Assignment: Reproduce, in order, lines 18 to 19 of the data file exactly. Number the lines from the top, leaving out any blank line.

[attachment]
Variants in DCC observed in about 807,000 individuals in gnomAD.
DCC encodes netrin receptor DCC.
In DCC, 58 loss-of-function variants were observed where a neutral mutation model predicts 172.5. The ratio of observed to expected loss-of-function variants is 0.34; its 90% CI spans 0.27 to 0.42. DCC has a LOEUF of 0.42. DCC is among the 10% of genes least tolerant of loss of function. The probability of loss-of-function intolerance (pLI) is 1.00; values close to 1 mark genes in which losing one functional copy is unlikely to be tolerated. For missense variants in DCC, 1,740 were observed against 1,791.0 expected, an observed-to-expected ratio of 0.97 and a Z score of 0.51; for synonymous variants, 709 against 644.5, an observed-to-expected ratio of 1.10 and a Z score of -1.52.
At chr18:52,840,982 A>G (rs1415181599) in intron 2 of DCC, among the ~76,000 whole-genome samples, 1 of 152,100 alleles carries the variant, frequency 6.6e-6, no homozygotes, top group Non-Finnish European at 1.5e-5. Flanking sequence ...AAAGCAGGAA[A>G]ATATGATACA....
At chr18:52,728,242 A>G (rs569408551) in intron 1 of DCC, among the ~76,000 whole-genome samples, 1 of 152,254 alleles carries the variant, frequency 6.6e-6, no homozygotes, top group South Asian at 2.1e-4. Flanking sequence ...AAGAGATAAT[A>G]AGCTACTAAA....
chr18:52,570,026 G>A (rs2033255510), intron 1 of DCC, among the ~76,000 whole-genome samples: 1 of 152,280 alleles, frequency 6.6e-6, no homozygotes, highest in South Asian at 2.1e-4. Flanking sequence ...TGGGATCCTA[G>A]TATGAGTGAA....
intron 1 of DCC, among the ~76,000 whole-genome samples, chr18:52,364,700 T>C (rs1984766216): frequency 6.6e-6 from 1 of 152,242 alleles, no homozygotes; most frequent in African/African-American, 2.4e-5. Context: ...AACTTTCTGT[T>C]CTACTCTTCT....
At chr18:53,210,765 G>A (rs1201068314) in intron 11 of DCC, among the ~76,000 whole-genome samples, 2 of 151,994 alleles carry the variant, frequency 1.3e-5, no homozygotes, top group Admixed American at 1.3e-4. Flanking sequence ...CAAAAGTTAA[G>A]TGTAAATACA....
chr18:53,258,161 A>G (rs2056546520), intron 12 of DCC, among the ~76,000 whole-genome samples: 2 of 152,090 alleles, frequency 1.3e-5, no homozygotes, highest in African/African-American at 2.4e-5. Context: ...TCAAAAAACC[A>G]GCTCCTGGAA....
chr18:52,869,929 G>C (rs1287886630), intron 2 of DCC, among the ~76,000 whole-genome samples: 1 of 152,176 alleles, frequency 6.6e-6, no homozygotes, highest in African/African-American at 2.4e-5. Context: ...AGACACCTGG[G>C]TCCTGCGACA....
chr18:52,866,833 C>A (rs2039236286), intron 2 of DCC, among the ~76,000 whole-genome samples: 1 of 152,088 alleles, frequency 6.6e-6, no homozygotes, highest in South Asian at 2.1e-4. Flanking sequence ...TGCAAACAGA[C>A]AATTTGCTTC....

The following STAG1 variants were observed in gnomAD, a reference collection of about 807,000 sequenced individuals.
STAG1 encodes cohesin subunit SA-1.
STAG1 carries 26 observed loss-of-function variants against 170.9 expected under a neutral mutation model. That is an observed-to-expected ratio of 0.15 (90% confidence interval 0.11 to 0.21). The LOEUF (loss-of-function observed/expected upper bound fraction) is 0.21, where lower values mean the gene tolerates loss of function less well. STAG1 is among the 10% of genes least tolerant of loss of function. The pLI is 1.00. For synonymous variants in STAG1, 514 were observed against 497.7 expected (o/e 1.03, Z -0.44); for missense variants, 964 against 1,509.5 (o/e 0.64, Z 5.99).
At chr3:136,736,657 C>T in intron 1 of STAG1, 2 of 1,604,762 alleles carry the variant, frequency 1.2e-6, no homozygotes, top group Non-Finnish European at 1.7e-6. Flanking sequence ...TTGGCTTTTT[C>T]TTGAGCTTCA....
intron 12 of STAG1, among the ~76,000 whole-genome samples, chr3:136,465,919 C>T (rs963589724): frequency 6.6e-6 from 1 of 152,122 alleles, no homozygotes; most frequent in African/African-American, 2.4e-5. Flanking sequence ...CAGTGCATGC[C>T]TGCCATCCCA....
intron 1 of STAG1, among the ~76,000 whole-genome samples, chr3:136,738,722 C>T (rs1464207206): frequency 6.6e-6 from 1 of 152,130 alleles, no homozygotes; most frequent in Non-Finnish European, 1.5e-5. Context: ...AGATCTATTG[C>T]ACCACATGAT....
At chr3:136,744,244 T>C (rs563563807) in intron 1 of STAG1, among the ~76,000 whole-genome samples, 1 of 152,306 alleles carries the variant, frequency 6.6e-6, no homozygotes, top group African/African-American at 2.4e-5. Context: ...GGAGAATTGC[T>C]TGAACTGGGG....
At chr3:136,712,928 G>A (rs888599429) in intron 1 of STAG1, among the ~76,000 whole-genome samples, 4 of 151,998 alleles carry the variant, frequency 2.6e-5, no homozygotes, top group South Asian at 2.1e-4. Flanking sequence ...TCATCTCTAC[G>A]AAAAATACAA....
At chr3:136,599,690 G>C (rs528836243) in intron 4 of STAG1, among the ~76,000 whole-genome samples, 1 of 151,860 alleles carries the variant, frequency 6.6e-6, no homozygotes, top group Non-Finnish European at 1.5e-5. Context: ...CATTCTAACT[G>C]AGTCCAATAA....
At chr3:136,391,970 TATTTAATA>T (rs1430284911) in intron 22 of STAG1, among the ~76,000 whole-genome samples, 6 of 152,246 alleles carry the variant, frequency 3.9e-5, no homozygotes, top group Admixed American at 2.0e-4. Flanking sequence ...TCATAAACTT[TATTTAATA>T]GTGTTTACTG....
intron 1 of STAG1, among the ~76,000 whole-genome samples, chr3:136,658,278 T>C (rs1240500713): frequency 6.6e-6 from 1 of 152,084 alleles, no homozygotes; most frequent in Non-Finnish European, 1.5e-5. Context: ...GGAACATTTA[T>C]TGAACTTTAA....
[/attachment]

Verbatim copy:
At chr3:136,744,244 T>C (rs563563807) in intron 1 of STAG1, among the ~76,000 whole-genome samples, 1 of 152,306 alleles carries the variant, frequency 6.6e-6, no homozygotes, top group African/African-American at 2.4e-5. Context: ...GGAGAATTGC[T>C]TGAACTGGGG....
At chr3:136,712,928 G>A (rs888599429) in intron 1 of STAG1, among the ~76,000 whole-genome samples, 4 of 151,998 alleles carry the variant, frequency 2.6e-5, no homozygotes, top group South Asian at 2.1e-4. Flanking sequence ...TCATCTCTAC[G>A]AAAAATACAA....